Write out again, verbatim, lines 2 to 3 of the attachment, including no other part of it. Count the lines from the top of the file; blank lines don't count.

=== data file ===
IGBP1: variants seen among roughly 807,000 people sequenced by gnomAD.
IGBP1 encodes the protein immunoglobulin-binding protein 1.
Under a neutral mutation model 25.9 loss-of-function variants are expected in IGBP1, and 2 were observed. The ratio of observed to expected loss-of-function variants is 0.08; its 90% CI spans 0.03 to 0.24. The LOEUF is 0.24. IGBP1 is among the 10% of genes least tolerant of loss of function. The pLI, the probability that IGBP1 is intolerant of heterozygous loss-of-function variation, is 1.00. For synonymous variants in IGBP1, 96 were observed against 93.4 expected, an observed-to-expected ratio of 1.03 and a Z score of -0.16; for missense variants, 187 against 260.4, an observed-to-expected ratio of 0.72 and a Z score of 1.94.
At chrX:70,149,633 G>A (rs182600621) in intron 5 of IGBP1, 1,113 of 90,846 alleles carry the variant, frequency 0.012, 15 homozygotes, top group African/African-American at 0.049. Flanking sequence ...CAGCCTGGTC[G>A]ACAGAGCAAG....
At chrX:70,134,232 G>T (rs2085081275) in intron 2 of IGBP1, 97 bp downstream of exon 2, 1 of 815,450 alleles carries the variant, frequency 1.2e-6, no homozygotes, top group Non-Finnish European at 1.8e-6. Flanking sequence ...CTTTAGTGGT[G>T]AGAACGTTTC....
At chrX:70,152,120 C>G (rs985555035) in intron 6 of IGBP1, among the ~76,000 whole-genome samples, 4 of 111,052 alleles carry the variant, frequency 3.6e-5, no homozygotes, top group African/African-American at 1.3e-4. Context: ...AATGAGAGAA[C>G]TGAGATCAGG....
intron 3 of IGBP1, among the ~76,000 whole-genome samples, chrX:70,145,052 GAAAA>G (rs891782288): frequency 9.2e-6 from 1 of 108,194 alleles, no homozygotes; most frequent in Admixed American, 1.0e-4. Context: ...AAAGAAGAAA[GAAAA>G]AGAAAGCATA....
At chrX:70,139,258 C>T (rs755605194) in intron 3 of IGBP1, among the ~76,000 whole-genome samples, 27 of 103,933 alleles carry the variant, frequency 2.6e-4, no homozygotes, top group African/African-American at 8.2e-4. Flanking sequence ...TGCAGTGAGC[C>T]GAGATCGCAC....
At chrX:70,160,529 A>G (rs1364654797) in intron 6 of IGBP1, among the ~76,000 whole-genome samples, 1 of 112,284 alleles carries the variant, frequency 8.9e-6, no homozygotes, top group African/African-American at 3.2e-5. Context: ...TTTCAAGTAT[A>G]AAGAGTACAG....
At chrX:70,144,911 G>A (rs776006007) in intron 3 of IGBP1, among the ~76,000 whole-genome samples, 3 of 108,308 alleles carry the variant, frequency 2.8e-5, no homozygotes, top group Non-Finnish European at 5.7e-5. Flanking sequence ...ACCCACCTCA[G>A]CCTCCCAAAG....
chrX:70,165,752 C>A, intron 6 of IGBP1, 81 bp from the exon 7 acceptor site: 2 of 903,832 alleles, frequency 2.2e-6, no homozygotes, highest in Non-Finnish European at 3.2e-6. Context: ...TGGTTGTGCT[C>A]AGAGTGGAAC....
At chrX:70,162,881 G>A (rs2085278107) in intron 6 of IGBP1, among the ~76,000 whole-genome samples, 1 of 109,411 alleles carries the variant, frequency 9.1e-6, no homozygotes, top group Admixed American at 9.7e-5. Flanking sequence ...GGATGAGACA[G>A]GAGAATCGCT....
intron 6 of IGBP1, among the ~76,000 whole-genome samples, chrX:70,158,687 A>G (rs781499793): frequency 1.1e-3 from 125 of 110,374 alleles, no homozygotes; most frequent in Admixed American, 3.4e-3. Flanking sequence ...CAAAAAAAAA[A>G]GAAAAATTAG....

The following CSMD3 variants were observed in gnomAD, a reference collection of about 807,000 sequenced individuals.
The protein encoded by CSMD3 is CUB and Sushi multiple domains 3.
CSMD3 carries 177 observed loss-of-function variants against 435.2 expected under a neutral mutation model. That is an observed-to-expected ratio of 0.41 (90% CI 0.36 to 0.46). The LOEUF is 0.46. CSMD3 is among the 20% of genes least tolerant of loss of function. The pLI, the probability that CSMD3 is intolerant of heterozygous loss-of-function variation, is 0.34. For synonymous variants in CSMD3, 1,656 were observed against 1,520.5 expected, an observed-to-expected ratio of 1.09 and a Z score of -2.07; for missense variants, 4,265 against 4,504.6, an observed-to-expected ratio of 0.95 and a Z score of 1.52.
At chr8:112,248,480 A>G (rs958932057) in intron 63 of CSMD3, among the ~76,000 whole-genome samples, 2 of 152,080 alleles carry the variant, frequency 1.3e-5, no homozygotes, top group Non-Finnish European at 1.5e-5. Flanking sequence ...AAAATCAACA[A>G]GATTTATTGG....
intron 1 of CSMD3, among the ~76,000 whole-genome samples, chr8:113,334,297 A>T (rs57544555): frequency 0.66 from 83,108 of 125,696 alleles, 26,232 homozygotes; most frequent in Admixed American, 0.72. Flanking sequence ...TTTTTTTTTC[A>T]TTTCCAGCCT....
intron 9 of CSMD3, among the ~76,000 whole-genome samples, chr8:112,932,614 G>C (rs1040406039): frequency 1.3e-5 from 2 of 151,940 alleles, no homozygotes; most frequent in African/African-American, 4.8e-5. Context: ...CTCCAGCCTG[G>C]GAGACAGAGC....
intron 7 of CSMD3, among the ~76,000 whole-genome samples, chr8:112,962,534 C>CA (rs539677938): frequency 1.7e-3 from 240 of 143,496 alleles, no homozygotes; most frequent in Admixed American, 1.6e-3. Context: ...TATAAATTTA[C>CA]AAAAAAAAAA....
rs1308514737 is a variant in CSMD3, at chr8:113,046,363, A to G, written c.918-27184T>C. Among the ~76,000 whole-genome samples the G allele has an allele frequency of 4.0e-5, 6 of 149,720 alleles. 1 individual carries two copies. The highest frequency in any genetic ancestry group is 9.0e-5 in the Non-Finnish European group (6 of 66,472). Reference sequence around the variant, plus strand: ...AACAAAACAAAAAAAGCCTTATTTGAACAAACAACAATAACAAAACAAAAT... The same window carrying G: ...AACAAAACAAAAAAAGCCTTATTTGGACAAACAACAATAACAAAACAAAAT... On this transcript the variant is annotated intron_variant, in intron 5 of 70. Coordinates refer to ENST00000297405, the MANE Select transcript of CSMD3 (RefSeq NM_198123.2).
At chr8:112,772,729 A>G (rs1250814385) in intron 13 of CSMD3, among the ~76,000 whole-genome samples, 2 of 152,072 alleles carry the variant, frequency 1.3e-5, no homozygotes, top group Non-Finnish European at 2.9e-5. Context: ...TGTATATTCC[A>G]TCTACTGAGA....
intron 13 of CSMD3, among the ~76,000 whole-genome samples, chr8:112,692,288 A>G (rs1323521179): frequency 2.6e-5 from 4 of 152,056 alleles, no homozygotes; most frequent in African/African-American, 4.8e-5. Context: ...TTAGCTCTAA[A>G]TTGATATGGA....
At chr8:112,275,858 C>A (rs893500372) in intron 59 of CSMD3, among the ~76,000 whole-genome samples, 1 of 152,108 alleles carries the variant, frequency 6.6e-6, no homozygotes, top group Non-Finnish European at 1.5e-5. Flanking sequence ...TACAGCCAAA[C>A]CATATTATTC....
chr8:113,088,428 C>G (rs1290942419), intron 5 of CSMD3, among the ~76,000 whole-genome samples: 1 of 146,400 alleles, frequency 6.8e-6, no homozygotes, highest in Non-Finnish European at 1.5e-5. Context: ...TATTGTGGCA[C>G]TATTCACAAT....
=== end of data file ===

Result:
IGBP1 encodes the protein immunoglobulin-binding protein 1.
Under a neutral mutation model 25.9 loss-of-function variants are expected in IGBP1, and 2 were observed. The ratio of observed to expected loss-of-function variants is 0.08; its 90% CI spans 0.03 to 0.24. The LOEUF is 0.24. IGBP1 is among the 10% of genes least tolerant of loss of function. The pLI, the probability that IGBP1 is intolerant of heterozygous loss-of-function variation, is 1.00. For synonymous variants in IGBP1, 96 were observed against 93.4 expected, an observed-to-expected ratio of 1.03 and a Z score of -0.16; for missense variants, 187 against 260.4, an observed-to-expected ratio of 0.72 and a Z score of 1.94.